Using Language to Learn: Reading
Preschoolers like many different kinds of books.
Look for paperback versions of your child's favorite books. Encourage family and friends to swap books and give them as gifts. And remember that yard sales and neighborhood bazaars often have very inexpensive secondhand children's books.
Make regular trips to the library to borrow books, tapes, and other materials. If possible, have your child get his own library card.
Let your child see herself in books. Choose books about families like yours and people from your culture and ethnic group.
Ask the children's librarian at your local library to suggest books for your child. Get ideas from other families, caregivers, and people who know your child well.
Look for books that match your child's experiences: a special interest (bugs), something familiar (going to child care), a new event (going to the dentist), or a change in the family (the birth of a baby).
Preschoolers are more likely to learn to love books if they are read to.
Set aside a time each day when you and your child can relax and read together. Make these special times when you enjoy each other's company and explore the new worlds and ideas found in books. Children who are read to are more likely to love books and to be strong readers.
Read with lots of enthusiasm. Change your voice to fit different characters and feelings (sad, excited, happy, etc.).
Expect and encourage interruptions. Stop to talk about the pictures and the story in each book, and the ways they relate to your child's life. Ask and answer questions. Add information to help your child understand the story. "Blueberries are easy to pick because they grow on low bushes. Remember when we saw blueberries in the supermarket?"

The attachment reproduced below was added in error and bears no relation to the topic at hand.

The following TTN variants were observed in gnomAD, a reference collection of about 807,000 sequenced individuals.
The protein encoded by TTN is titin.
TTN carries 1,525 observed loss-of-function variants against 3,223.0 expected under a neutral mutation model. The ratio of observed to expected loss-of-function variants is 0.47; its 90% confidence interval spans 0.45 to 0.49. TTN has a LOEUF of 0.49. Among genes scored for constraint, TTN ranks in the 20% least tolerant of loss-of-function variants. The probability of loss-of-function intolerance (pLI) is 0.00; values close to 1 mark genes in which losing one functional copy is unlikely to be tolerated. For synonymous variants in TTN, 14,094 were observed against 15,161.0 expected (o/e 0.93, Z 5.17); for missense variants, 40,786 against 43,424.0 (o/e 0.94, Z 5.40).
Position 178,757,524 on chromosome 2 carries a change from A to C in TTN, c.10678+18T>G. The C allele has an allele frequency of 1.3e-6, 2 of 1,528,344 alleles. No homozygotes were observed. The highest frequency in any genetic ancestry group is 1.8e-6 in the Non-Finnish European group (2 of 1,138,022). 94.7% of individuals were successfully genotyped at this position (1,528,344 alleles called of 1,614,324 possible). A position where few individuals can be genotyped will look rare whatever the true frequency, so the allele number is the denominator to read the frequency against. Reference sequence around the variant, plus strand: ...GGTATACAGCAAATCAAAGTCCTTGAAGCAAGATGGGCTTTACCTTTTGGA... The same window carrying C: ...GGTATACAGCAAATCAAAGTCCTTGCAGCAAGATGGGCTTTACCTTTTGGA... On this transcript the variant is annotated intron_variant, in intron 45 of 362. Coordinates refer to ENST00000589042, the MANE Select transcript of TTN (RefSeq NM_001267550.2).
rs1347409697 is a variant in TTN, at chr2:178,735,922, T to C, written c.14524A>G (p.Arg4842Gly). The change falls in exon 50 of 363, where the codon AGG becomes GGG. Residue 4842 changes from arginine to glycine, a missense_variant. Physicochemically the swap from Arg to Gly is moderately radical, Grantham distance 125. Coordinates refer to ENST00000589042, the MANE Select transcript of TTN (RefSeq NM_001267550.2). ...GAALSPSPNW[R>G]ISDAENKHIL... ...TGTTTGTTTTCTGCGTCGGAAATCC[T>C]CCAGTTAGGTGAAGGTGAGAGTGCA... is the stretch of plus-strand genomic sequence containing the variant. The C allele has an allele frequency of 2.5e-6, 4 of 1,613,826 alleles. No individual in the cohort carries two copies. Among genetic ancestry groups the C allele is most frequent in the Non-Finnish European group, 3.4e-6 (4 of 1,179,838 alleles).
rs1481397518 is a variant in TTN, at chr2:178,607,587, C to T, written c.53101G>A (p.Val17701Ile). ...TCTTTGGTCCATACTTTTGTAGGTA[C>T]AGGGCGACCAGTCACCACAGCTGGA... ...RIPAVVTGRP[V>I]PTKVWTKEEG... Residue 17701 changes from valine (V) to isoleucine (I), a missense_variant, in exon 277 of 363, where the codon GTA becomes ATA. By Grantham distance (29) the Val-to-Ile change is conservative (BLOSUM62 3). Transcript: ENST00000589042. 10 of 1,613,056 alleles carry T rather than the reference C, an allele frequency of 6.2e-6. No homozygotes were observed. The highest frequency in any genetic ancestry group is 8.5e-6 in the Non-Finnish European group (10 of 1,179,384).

Preschoolers learn about reading when they look at books by themselves and when they see adults reading.
Set up a reading shelf, basket, or corner where your child can reach books without help. Store books upright so that she can easily find the one she's looking for. Almost any room in the home -- kitchen, bathroom, living room, or bedroom -- is a good place to keep books.
Bring along a bag of books when you leave home. Your child can read on the bus or subway, in a car, at the laundromat, and at the doctor's office.
Show your child that reading is an important and useful skill. Children love to imitate adults. A child who sees you enjoying a book or magazine will want to do the same.
Show your child how you use books, newspapers, and other written materials to find out what time a store opens, what the weather will be like, or what you need for a recipe.
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